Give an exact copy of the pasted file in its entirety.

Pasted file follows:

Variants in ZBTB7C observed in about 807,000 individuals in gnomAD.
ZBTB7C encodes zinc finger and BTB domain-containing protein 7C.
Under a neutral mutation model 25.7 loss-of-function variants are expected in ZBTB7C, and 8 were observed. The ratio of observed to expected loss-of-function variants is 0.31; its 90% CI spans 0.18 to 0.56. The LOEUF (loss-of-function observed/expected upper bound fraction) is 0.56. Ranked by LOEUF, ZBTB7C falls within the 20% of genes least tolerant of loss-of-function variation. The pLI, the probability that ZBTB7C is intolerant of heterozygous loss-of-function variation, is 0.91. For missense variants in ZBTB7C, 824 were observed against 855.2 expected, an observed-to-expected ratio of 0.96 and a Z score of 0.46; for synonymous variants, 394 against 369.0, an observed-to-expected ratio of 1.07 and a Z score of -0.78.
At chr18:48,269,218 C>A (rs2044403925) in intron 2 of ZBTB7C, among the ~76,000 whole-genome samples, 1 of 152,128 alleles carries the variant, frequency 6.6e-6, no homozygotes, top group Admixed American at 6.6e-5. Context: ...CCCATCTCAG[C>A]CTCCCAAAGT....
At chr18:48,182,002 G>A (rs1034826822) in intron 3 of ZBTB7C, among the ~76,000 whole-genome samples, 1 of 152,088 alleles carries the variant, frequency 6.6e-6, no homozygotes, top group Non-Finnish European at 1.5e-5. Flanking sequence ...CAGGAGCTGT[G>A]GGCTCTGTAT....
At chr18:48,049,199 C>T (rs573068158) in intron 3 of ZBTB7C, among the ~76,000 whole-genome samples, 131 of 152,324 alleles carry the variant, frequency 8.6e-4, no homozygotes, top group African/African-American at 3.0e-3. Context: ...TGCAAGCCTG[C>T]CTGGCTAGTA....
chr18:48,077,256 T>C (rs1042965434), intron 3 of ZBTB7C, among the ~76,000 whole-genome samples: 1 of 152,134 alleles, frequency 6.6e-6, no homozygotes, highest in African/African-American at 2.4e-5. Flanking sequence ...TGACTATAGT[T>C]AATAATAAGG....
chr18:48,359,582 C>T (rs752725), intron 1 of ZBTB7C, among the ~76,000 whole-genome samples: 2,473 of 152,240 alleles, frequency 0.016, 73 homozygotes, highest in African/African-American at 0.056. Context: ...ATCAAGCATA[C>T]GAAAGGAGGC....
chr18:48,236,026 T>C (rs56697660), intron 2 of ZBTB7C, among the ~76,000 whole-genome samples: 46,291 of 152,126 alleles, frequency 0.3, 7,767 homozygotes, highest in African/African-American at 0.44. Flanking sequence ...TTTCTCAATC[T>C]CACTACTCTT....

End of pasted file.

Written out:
Variants in ZBTB7C observed in about 807,000 individuals in gnomAD.
ZBTB7C encodes zinc finger and BTB domain-containing protein 7C.
Under a neutral mutation model 25.7 loss-of-function variants are expected in ZBTB7C, and 8 were observed. The ratio of observed to expected loss-of-function variants is 0.31; its 90% CI spans 0.18 to 0.56. The LOEUF (loss-of-function observed/expected upper bound fraction) is 0.56. Ranked by LOEUF, ZBTB7C falls within the 20% of genes least tolerant of loss-of-function variation. The pLI, the probability that ZBTB7C is intolerant of heterozygous loss-of-function variation, is 0.91. For missense variants in ZBTB7C, 824 were observed against 855.2 expected, an observed-to-expected ratio of 0.96 and a Z score of 0.46; for synonymous variants, 394 against 369.0, an observed-to-expected ratio of 1.07 and a Z score of -0.78.
At chr18:48,269,218 C>A (rs2044403925) in intron 2 of ZBTB7C, among the ~76,000 whole-genome samples, 1 of 152,128 alleles carries the variant, frequency 6.6e-6, no homozygotes, top group Admixed American at 6.6e-5. Context: ...CCCATCTCAG[C>A]CTCCCAAAGT....
At chr18:48,182,002 G>A (rs1034826822) in intron 3 of ZBTB7C, among the ~76,000 whole-genome samples, 1 of 152,088 alleles carries the variant, frequency 6.6e-6, no homozygotes, top group Non-Finnish European at 1.5e-5. Flanking sequence ...CAGGAGCTGT[G>A]GGCTCTGTAT....
At chr18:48,049,199 C>T (rs573068158) in intron 3 of ZBTB7C, among the ~76,000 whole-genome samples, 131 of 152,324 alleles carry the variant, frequency 8.6e-4, no homozygotes, top group African/African-American at 3.0e-3. Context: ...TGCAAGCCTG[C>T]CTGGCTAGTA....
chr18:48,077,256 T>C (rs1042965434), intron 3 of ZBTB7C, among the ~76,000 whole-genome samples: 1 of 152,134 alleles, frequency 6.6e-6, no homozygotes, highest in African/African-American at 2.4e-5. Flanking sequence ...TGACTATAGT[T>C]AATAATAAGG....
chr18:48,359,582 C>T (rs752725), intron 1 of ZBTB7C, among the ~76,000 whole-genome samples: 2,473 of 152,240 alleles, frequency 0.016, 73 homozygotes, highest in African/African-American at 0.056. Context: ...ATCAAGCATA[C>T]GAAAGGAGGC....
chr18:48,236,026 T>C (rs56697660), intron 2 of ZBTB7C, among the ~76,000 whole-genome samples: 46,291 of 152,126 alleles, frequency 0.3, 7,767 homozygotes, highest in African/African-American at 0.44. Flanking sequence ...TTTCTCAATC[T>C]CACTACTCTT....